House Republicans on Monday released long-anticipated legislation to supplant the Affordable Care Act with a more conservative vision for the nation’s health care system, replacing federal insurance subsidies with a new form of individual tax credits and grants to help states shape their own policies.
Under two bills drafted by separate House committees, the government would no longer penalize Americans for failing to have health insurance but would try to encourage people to maintain coverage by allowing insurers to impose a surcharge of 30 percent for those who have a gap between health plans.
The legislation would preserve two of the most popular features of the 2010 healthcare law, letting young adults stay on their parents’ health plans until age 26 and forbidding insurers to deny coverage or charge more to people with pre-existing medical problems. It would also target Planned Parenthood, rendering the women’s health organization ineligible for Medicaid reimbursements or federal family planning grants — a key priority for anti-abortion groups.
The debate, starting in House committees this week, is a remarkable moment in the annals of government health-care policymaking. The Affordable Care Act, former president Barack Obama’s signature domestic policy achievement passed in 2010 only with Democratic support, ushered in the most significant expansion of insurance coverage since the creation of Medicare and Medicaid as part of President Lyndon Johnson’s Great Society programs of the mid-1960s.
There is no precedent for Congress to reverse a major program of social benefits once it has taken effect and reached millions of Americans.
Taken together, the bills introduced Monday night represent the Republicans’ first attempt — and best shot to date, with an ally in the White House — to translate seven years of talking points about demolishing the ACA into concrete action.
At the same time, major aspects of the plans, notably the strategy for tax credits and Medicaid, reflect the treacherous terrain that Republicans face to win enough votes within their own conferences in the GOP-controlled House and Senate.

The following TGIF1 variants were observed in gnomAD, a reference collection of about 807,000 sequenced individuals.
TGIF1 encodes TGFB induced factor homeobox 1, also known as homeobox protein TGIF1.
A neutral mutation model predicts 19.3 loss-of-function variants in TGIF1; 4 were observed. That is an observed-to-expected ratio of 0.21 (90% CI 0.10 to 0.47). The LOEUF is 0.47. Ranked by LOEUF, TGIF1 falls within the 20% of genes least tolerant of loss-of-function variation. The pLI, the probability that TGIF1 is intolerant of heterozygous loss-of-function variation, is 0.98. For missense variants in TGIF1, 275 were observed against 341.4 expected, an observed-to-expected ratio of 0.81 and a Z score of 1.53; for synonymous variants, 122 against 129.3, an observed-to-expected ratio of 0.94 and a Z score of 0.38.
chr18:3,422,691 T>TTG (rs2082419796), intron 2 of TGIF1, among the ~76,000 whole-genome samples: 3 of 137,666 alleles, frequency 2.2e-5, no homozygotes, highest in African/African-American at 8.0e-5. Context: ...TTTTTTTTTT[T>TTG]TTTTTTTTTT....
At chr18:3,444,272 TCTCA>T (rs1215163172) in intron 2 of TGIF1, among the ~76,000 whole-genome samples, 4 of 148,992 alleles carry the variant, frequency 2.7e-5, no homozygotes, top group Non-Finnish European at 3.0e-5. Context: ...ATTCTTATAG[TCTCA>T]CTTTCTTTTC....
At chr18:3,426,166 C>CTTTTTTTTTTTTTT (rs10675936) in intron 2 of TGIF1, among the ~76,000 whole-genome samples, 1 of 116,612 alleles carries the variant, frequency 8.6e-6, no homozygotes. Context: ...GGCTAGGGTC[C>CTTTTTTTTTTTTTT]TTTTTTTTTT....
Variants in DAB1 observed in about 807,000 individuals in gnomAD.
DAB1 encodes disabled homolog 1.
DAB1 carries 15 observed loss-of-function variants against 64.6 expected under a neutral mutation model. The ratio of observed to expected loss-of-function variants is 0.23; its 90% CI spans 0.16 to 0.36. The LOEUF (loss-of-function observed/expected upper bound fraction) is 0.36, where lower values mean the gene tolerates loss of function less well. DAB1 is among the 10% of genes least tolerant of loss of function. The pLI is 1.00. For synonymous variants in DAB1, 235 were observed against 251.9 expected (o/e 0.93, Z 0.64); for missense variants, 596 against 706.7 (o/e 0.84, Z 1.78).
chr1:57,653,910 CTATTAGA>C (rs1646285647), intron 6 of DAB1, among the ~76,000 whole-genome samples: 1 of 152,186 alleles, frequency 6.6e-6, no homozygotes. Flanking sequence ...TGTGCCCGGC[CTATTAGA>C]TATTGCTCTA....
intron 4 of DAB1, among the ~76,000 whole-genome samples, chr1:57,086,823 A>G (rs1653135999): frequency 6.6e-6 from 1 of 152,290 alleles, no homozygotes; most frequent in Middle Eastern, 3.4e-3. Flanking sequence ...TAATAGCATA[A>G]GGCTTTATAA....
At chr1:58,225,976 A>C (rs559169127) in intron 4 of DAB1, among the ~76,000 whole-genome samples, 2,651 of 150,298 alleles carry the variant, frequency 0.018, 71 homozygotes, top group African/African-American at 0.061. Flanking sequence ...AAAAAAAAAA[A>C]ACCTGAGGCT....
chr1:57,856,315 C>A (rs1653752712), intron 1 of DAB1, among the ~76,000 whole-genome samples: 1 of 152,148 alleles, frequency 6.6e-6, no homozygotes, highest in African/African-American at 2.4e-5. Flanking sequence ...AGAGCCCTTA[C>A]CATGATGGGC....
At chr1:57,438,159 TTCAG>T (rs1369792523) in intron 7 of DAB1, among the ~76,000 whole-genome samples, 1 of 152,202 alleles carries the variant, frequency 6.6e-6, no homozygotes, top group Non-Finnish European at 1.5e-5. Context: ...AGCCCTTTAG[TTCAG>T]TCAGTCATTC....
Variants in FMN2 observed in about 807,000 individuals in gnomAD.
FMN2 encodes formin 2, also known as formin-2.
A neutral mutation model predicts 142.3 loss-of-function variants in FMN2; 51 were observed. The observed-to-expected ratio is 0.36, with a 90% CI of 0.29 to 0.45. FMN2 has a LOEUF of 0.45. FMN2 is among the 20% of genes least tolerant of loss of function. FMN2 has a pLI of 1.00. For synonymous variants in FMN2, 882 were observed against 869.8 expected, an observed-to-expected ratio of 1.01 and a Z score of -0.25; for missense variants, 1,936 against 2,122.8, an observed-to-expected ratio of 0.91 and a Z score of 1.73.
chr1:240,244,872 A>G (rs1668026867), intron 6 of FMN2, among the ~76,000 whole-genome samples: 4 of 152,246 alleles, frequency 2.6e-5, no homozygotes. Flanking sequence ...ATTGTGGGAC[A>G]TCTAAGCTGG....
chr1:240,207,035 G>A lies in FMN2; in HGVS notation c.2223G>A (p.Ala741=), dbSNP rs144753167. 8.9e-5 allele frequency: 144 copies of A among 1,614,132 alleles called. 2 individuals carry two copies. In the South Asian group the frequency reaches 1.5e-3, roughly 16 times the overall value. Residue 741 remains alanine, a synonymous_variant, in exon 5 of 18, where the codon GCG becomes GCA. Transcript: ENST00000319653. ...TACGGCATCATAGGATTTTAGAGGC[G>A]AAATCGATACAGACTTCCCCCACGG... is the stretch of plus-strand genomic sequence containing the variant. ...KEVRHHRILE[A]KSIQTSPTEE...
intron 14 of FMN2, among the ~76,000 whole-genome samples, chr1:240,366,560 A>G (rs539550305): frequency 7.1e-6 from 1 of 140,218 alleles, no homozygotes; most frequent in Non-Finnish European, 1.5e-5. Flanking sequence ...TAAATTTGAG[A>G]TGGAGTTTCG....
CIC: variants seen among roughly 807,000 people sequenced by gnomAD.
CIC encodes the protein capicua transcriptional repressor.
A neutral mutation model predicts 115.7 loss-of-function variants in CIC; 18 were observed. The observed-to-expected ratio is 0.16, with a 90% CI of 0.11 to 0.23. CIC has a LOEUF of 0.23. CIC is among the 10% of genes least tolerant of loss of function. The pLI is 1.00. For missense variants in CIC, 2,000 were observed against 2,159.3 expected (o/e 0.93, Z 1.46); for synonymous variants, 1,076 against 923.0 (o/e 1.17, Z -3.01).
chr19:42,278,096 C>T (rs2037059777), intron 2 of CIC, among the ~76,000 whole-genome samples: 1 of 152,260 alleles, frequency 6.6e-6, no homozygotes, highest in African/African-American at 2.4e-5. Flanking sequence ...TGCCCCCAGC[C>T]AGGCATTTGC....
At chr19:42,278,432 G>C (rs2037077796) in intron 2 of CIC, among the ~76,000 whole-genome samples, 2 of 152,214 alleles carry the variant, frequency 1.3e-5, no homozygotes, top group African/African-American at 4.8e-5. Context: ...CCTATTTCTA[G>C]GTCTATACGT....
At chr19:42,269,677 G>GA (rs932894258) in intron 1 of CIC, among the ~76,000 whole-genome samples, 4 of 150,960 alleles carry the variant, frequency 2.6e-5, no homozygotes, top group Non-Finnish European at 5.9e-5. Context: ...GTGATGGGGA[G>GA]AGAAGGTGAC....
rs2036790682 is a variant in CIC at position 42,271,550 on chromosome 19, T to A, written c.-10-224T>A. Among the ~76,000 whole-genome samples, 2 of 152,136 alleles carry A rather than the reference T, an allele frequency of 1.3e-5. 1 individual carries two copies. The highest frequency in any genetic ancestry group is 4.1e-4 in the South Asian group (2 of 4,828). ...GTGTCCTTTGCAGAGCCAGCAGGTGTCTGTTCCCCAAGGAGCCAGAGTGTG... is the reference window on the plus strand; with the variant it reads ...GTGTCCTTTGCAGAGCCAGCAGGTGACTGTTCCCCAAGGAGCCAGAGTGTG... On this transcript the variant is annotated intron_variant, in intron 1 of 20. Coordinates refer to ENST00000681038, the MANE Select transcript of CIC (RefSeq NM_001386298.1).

The bills must address concerns of both conservatives concerned about the cost of the overhaul and worries that it might in effect enshrine a new federal entitlement, as well as more moderate members who want to ensure that their constituents retain access to affordable health care, including those who received Medicaid coverage under the ACA.
Even so, signs emerged on Monday that Republicans in Congress’s upper chamber could balk either at the cost of the proposal or if it leaves swaths of the country without insurance coverage.
Sen. Rand Paul (R-Ky.) one of at least three conservative senators who opposes the plan to provide income-based tax credits, tweeted: “Still have not seen an official version of the House Obamacare replacement bill, but from media reports, this sure looks like Obamacare Lite!”
And four key Republican senators, all from states that opted to expand Medicaid under the ACA, said they would oppose any new plan that would leave millions of Americans uninsured.
“We will not support a plan that does not include stability for Medicaid expansion populations or flexibility for states,” Sens. Rob Portman (R-Ohio), Shelley Moore Capito (R. W.Va.), Cory Gardner (R-Colo.) and Lisa Murkowski (R-Alaska) wrote in a letter to Senate Majority Leader Mitch McConnell (R-Ky.).
At a speech in Janesville, Wis., March 3, Vice President Pence once again promised to repeal the Affordable Care Act, saying that they would "at the same time," replace it with "a better law." (The Washington Post)
The four senators were split on exactly what proposals would meet their standards, but with 52 Republicans, McConnell would not have enough votes to pass repeal without the support of at least two of them.
Democrats, too, have given no indication that they intend to work with Republicans, and top party leaders decried the GOP plan Monday as a betrayal of everyday Americans. “Trumpcare doesn’t replace the Affordable Care Act, it forces millions of Americans to pay more for less care,” said Senate Minority Leader Charles E. Schumer (D-N.Y.).
In particular, the plan to target Planned Parenthood has already generated fierce pushback from Democrats and doubts from some Republicans who have noted that federal funds are already barred from funding abortions and that Planned Parenthood provides routine medical care to millions of American women.
The tax credits outlined by the Ways and Means Committee’s portion of the legislation incorporates an approach that Republicans have long criticized: income-based aid to help Americans afford health coverage.
Until now, the GOP had been intending to veer away from the ACA subsidies that help poor and middle-class people obtain insurance, insisting that the size of tax credits with which they planned to replace the subsidies should be based entirely on people’s ages and not their incomes. But the drafts issued Monday proposed refundable tax credits that would hinge on earnings as well as age — providing bigger credits for older and poorer Americans.